Women in STEM: Ruth Fernandez, MAPC

Meet our panel moderator: Ruth Fernandez. Ruth is a Managing Consultant for IBM Global, and has worked in both journalism and technology implementation. Her passion for diversity and gender equality makes her the perfect moderator our Women in STEM panel discussion. We can't wait to hear what what questions she has for our panelists and how she continues to forge ahead!   

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What made you want to participate in this panel discussion?

I have always been interested in gender equality issues. The topic of women in STEM was the subject of my Communications Master’s degree research project. I examined how technology companies today are trying to attract girls, and women, to STEM education and careers respectively, and what implicit biases can be found in the language and images used in their ads. Research on the lack of women in STEM consistently highlights the need for women to SEE the women working in STEM and to identify potential mentors. This panel, where the audience can interact with female STEM professionals is, therefore, invaluable.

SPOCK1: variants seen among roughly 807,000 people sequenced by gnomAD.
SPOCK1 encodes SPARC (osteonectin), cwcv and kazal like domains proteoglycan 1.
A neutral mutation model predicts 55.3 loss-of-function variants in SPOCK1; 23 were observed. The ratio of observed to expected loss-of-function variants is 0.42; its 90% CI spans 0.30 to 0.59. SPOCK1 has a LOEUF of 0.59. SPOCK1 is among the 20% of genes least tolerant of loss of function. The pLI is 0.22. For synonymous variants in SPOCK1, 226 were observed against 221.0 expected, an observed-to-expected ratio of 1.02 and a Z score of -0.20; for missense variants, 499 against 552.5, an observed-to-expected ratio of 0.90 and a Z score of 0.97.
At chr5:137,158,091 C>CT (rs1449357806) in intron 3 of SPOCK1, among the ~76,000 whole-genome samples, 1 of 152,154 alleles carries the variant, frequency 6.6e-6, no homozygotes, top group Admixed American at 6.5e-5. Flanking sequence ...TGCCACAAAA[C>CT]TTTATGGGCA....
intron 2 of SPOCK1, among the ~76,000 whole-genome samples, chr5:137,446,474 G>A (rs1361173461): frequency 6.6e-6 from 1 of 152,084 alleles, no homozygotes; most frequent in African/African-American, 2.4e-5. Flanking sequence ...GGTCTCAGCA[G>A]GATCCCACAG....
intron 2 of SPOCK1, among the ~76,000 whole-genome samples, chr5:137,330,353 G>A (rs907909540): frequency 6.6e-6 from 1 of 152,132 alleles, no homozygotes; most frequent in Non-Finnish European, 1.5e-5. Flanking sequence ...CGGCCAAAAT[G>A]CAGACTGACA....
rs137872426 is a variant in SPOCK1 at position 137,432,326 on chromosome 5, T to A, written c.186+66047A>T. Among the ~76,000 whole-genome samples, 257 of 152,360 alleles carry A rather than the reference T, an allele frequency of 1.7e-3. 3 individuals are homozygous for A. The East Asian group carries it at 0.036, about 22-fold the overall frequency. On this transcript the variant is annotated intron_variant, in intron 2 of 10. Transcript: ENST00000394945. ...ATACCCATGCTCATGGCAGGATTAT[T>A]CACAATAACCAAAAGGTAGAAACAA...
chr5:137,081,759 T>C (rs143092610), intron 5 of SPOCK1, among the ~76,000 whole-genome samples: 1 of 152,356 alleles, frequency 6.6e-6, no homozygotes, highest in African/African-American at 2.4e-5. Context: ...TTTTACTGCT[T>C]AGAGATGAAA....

What are some things you do outside of work to help you develop personally and professionally?

I have a variety of interests outside work including photography, viewing movies and watching my favourite TV sitcoms, and the space program (I follow the Mars Rover @MarsCuriosity on Twitter!). I am also a voracious reader gobbling up every type of fiction from romance to science fiction.